On May 26, 2002, about 1530 eastern daylight time, a Piper J3F-65, N33204, registered to a private individual, operating as a Title 14 CFR Part 91 personal flight, collided with a power pole during takeoff climb in the vicinity of Eton, Georgia. Visual meteorological conditions prevailed and no flight plan was filed. The aircraft received substantial damage, and the private-rated pilot and a passenger received minor injuries. The flight departed about 2 minutes before the accident. Use your browsers 'back' function to return to synopsisReturn to Query Page
According to the pilot, he could see thunderstorms building in the distance, 10 to 15 miles away. He and his passenger decided to depart before the weather got any closer. On takeoff, about 60 feet agl, the aircraft encountered a "down pressure" that subjected the aircraft to a sinking condition of about half altitude gained. Power was insufficient to regain enough altitude to climb over power lines ahead, and the pilot elected to fly under the power lines and attempt a landing in a field. The right wing collided with a power line pole, and the aircraft impacted the terrain, right wing down. He estimated the surface wind to be 5 to 6 knots crossing his takeoff path from right to left, and no precipitation was encountered.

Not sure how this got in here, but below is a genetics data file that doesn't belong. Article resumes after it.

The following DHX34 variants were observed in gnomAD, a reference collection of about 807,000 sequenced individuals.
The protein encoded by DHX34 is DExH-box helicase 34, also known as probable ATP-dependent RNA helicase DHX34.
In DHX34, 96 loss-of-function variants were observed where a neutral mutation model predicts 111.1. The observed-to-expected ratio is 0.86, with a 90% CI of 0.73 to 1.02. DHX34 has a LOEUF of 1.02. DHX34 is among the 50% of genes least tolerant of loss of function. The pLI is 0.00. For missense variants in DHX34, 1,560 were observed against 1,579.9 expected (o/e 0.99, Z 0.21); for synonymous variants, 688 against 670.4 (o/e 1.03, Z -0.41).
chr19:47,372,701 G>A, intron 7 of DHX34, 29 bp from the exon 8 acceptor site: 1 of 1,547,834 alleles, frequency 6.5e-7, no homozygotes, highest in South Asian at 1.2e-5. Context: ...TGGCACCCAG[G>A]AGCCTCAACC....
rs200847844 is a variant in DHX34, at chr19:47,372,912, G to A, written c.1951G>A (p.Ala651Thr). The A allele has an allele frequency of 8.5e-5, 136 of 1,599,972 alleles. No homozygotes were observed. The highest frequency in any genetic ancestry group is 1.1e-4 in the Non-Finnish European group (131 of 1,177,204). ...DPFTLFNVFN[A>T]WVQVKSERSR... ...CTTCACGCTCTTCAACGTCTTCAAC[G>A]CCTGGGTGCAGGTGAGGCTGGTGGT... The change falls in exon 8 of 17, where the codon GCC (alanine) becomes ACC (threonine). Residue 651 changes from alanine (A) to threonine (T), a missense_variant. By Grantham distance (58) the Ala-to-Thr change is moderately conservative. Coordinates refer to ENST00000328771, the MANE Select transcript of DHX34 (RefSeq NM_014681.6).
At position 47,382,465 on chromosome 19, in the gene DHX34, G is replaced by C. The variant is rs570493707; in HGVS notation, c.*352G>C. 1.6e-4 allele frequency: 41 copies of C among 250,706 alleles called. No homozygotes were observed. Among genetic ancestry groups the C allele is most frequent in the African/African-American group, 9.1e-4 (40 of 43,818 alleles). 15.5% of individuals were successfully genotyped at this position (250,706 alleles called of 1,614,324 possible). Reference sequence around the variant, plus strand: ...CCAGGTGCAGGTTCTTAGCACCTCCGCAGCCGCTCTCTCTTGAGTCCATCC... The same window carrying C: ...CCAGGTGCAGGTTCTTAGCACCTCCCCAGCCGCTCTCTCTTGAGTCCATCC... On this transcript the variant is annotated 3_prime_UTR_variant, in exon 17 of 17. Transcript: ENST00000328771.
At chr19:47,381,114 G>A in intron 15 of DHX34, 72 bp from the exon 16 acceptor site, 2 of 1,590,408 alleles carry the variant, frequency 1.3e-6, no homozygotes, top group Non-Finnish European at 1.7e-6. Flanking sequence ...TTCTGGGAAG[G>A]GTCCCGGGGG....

According to an FAA inspector who met with the pilot at the accident site, the right wing was severed at the inboard aileron attach point, the cockpit steel tube cage was bent, and the propeller was heavily damaged. All flight controls revealed normal deflection and continuity. Inspection of the aircraft maintenance records revealed no abnormal conditions.
The Airman's Information Manual, Chapter 7, states, "Don't land or takeoff in the face of an approaching thunderstorm. A sudden gust front of low level turbulence could cause loss of control." It further states, "Avoid by a least 20 miles any thunderstorm identified as severe or giving an intense radar echo."